It’s the summer of 2017. Chelsea have just won the Premier League for the 5th time and all is good in the world. Until we start signing players. Morata, Bakayoko, Drinkwater, and Zappacosta all brought into the club in the same window. Mediocrity at its best. A window we’re still recovering from. We still actually own all of those players, yet none are in our squad. Morata will officially be gone in June, but the standards dropping so much for just one window left us farming over £150m worth of talent out to anyone that would take them. We couldn’t even give Drinkwater away, and the man collected his £110,000 a week while partying in nightclubs and turning up for a laugh with his mates every day. That window should serve as a wake-up call to the Chelsea board, and to fans who just want to sign players for the sake of having a fresh picture of Marina Granovskaia.

Two years later and the mood is very different. There’s a youth revolution going on at the Bridge and fans are more connected with the club than ever. Players like Tammy Abraham, Fikayo Tomori, Mason Mount and Reece James have stepped up from the Championship with aplomb and look set feature for the club for years to come.

Now, that’s where buying smart comes in. With unquestionably the best academy in England, Chelsea’s board are very aware of the quality they have at their disposal, not least due to the return of Lampard and Morris along with the promotion of Joe Edwards. There’s finally a legitimate chance for young players, who Chelsea are wary of blocking. Hence, a needed change in transfer tactics, and a focus on buying smart.

There’s always the argument of the level of Liverpool and Manchester City when it comes to fan conversations about transfers. A necessity for every signing to be a world beater, that will come into the side and dominate. It’s not feasible, it’s unrealistic and actually it’s sometimes not helpful for the balance of the squad.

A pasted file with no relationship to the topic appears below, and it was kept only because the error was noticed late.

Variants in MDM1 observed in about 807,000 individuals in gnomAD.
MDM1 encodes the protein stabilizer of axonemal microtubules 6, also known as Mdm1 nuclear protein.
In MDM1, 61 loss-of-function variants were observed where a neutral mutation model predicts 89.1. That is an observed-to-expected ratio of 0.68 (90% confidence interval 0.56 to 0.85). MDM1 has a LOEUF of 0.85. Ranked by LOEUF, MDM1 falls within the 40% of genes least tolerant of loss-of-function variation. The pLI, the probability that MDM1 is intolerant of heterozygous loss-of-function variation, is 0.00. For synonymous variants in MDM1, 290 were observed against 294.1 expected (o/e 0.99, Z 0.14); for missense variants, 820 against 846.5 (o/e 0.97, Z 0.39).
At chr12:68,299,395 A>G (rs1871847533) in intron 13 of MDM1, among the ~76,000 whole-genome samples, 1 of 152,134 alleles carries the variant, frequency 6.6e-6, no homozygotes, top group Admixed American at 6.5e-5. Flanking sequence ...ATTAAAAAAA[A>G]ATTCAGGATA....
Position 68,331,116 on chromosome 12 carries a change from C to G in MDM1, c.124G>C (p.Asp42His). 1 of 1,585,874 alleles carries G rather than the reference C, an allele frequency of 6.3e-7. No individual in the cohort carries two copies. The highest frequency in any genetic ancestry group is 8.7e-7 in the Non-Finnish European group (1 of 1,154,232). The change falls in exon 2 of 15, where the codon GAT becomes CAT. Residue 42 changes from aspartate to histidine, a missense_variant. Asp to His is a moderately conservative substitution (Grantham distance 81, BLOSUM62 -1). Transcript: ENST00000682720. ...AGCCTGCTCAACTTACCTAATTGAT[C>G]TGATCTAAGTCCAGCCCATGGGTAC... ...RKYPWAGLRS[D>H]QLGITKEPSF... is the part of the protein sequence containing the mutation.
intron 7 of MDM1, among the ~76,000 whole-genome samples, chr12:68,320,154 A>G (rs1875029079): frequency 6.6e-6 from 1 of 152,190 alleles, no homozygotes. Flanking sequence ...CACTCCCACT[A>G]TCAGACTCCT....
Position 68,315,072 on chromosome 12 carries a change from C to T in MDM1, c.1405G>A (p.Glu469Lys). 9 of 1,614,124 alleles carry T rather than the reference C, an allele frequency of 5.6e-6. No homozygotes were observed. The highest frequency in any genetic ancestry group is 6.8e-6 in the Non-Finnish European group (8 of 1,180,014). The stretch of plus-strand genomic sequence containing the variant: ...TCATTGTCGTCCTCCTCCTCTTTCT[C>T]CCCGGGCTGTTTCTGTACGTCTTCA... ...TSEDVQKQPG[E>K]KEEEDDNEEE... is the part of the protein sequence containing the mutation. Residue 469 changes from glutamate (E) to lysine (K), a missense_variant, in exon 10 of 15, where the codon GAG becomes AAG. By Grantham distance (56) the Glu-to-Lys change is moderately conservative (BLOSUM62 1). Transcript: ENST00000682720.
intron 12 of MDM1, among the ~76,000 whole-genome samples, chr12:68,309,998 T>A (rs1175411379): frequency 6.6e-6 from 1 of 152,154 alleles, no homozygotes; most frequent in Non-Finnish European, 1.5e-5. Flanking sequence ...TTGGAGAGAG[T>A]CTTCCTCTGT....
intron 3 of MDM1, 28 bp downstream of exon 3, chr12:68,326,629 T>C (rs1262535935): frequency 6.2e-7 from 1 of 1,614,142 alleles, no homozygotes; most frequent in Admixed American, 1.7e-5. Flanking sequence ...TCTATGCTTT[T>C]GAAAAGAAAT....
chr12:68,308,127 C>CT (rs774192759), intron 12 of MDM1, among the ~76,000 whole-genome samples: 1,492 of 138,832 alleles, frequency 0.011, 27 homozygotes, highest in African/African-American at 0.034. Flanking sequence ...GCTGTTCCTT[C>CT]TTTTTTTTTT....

One thing people get confused about when we talk about blocking youth is the idea that people would be against signing a top talent because we have a promising young player. It’s actually about this idea of not blocking deserving youth and academy graduates with mediocre talent. So Chelsea now need to have in their minds when looking at the Drinkwaters of the world, ‘Do we have a young player that Lampard is using or could use, making this signing obsolete?’ The answer to that question should be yes, every time.

So let’s go back to the summer of 2017, and bring that to the modern day. Reece James makes Zappacosta obsolete. Mason Mount makes Drinkwater/Bakayoko obsolete. Tammy Abraham means we don’t need an alleged ‘world class striker’. So we don’t sign any deadwood. The young players don’t see their path blocked by mediocre talent from mid-table clubs and the focus can be on the elite talents and the smart buys.

Credit: Kristen

To give an example of a smart buy, I refer you to Brian’s recent article on Nathan Ake. In a market where top class CBs are hard to come by, a £40m acquisition of a player with Premier League experience and who actually statistically matches up with some very good CBs, is the type of purchase we should be looking at. However, in order to find less obvious targets that are just as effective, we have to remove Scott McLachlan from his role at the club. We need to get the scouting properly sorted so that we can find the Robertsons and Mahrezs that Liverpool and Leicester found so well.

We are then left with money to spend on the elite talents who can seriously improve our starting XI, namely Jadon Sancho. He’s a player that’s good enough to warrant blocking any youth player under the sun and sort us out for a decade.

No more £20-30m stop gaps. No more deadwood. No more players that we can’t get rid of. No more buying players that aren’t for the long term. Trusting in youth, buying smart and buying from the top. That’s how we return to the level we’re used to.

The transfer ban forced a youth revolution on us, which could and should lead to a change in policy when it comes to transfers, letting us compete for the elite players and letting the smart buys and youth fill out the squad. The future can be so bright for Chelsea, and it’s all down to how we use the market.

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